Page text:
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How To Reduce Divorce Stress

Updated on March 19, 2011
  1. Maintain friendships. Friends tend to owe greater allegiance to one partner than the other. Everyone hopes friends will continue to be friends of both, but it doesn't often happen. The divorcing pair should decide how friends are likely to divide and do their best to see that there is a semblance of equality in the division.
  2. As soon as possible, start making new friends. You could join singles' clubs and organizations that cater for the divorced, but it's far better to join clubs that cater for your interests, whatever they might be: political, musical, literary, sporting, community-based, etc. Divorced people may have too much in common. It is good to learn someone else has experienced the same problems, but your new life should be based on different expectations.
  3. Make sure there is structure to your day. Don't just lie in bed; get up, prepare breakfast and find new interests.
  4. Dress as carefully as you did before.
  5. Always be polite - however much you're tempted otherwise - about your vanished partner to your children.
  6. Never be rude about your former partner's new boy-friends, girlfriends or children.
  7. Don't use your children in a complicated game of chess. Like pawns, they can be easily sacrificed forever.
  8. Make certain that your surroundings as well as your personal appearance are maintained.

Moving on

When women leave men, the likelihood - no more than that - of a good post-divorce relationship is greater. When a man leaves a woman, post-divorce friendship is rare. If either the man or the woman later has a new partner, or even if they had another partner while still married, don't be inquisitive about it or object. Accept it. Understand that divorce, even if it was at your instigation, represents a bereavement, for there's always an associated loss. It is accompanied by both anger and a sense of failure. It may be necessary to move. Whether you care recreate your earlier environment or continue with the old one is up to you. Don't let anyone try to influence you. This is your house - not your parents', and not your former partner's.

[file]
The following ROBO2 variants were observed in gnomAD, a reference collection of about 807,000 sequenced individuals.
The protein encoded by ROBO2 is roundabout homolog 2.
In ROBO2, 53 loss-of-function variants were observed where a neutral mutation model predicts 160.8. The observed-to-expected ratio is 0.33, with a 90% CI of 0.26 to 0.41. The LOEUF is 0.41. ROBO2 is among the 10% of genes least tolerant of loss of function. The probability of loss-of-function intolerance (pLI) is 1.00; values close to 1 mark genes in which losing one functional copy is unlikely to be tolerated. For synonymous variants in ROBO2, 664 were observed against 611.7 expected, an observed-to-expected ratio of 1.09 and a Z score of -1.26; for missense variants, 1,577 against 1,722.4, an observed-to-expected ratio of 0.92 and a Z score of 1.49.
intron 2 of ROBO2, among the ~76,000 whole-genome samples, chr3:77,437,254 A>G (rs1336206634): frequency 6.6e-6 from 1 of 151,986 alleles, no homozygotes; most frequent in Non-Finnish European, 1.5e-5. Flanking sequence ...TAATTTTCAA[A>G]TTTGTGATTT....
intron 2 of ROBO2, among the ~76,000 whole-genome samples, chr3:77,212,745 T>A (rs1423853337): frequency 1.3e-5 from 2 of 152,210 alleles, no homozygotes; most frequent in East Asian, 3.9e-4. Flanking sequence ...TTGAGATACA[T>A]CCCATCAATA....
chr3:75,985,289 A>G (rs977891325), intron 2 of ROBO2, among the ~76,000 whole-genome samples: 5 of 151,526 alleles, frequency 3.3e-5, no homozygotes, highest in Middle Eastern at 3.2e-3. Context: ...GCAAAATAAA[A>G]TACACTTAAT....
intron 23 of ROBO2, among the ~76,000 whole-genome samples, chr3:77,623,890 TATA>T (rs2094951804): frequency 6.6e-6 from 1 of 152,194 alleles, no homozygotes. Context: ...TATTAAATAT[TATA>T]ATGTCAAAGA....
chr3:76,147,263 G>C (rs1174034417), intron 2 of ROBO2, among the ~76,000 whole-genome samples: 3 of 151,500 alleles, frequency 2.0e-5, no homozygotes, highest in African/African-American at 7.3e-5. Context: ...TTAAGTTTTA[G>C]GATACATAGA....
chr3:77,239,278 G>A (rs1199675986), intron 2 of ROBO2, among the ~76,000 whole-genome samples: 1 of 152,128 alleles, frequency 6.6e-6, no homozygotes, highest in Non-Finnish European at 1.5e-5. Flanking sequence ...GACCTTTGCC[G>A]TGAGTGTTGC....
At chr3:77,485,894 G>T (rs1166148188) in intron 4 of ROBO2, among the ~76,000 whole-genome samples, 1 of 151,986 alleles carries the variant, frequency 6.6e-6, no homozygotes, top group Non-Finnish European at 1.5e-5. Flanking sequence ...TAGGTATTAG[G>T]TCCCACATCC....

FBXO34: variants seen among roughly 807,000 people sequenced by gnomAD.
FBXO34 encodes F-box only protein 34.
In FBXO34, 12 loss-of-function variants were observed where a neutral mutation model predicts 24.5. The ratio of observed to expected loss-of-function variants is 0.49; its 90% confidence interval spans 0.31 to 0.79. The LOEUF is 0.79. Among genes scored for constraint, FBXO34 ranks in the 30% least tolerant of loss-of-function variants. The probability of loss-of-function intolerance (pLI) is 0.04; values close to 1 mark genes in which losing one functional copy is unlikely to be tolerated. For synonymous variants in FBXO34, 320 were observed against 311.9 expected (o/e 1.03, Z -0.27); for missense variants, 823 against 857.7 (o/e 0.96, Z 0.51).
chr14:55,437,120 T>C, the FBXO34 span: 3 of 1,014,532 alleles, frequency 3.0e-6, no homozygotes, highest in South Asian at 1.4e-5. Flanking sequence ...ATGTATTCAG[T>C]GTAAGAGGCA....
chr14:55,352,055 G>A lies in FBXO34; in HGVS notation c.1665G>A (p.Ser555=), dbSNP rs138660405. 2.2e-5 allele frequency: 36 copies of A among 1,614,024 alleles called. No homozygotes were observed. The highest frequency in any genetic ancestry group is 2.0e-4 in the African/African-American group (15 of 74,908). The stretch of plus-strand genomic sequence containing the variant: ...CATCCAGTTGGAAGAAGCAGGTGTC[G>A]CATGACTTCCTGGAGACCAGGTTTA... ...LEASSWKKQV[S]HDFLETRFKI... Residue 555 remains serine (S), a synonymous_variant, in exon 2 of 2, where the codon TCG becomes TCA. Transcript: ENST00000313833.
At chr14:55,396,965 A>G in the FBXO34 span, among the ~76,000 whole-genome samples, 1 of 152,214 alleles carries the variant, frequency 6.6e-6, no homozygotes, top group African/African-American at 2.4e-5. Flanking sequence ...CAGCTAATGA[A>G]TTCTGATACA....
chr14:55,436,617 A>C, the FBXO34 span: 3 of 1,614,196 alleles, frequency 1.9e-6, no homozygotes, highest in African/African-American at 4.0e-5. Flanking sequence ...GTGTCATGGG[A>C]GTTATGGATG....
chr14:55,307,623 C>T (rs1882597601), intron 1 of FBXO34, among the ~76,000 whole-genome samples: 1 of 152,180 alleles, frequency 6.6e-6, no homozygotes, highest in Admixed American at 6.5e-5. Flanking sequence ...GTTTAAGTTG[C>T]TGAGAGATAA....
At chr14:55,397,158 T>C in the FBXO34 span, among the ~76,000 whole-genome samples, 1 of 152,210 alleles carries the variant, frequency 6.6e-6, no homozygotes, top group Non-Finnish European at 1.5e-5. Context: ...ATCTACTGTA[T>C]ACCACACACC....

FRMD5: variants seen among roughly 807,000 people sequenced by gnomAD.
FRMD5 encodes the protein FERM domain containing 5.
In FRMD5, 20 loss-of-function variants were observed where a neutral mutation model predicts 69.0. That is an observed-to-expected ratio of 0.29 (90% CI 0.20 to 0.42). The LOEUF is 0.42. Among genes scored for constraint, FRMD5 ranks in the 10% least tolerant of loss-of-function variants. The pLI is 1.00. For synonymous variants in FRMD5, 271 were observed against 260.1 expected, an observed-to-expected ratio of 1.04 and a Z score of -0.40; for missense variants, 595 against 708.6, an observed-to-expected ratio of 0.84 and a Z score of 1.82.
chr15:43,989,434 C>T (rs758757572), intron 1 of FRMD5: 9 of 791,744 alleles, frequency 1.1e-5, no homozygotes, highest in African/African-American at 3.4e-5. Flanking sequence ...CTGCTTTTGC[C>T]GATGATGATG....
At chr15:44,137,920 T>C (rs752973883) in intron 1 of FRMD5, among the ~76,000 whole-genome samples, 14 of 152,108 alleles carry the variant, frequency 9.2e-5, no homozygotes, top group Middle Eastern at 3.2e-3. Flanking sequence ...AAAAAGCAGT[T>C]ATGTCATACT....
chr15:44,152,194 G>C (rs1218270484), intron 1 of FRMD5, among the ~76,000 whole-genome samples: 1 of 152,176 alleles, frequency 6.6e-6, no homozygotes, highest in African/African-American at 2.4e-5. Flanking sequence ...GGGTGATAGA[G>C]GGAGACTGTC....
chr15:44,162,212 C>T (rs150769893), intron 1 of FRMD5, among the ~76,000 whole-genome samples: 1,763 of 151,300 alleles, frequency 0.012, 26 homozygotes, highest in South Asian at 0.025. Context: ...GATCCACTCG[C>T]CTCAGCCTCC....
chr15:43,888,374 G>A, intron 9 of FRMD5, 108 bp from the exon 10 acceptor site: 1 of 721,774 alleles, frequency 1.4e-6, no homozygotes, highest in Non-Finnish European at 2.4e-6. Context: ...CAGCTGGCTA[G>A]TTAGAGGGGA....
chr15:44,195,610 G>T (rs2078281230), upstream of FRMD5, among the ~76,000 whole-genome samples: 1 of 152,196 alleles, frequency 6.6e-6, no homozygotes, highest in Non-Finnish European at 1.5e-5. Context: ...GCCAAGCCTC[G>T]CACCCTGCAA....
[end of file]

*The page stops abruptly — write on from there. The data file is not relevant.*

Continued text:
When your social life recovers and other partners are in the offing, it is worth considering what it is that makes for a successful relationship. People writing a generation ago devised rules for reducing the stress of marriage or long-term partnerships. Their rules are no longer directly translatable into modern life, but they can be paraphrased and enlarged upon so that they fit twenty-first-century circumstances.

The main principle applies equally today. It is that opposites may get on very well at parties, they may have terrific affairs, but they don't make the best long-term partnerships. A sound marriage is not one in which two people, however compatible in bed, are fighting like a couple of Rottweilers for the rest of the time. Rather it is one in which both parties feel totally comfortable with each other. Their relationship is without stress. The number of patients is legion who have said to me that, as much as they are attracted to somebody else, they could never leave their husband or wife because they feel so at ease with them. Where there is tension, there is stress.


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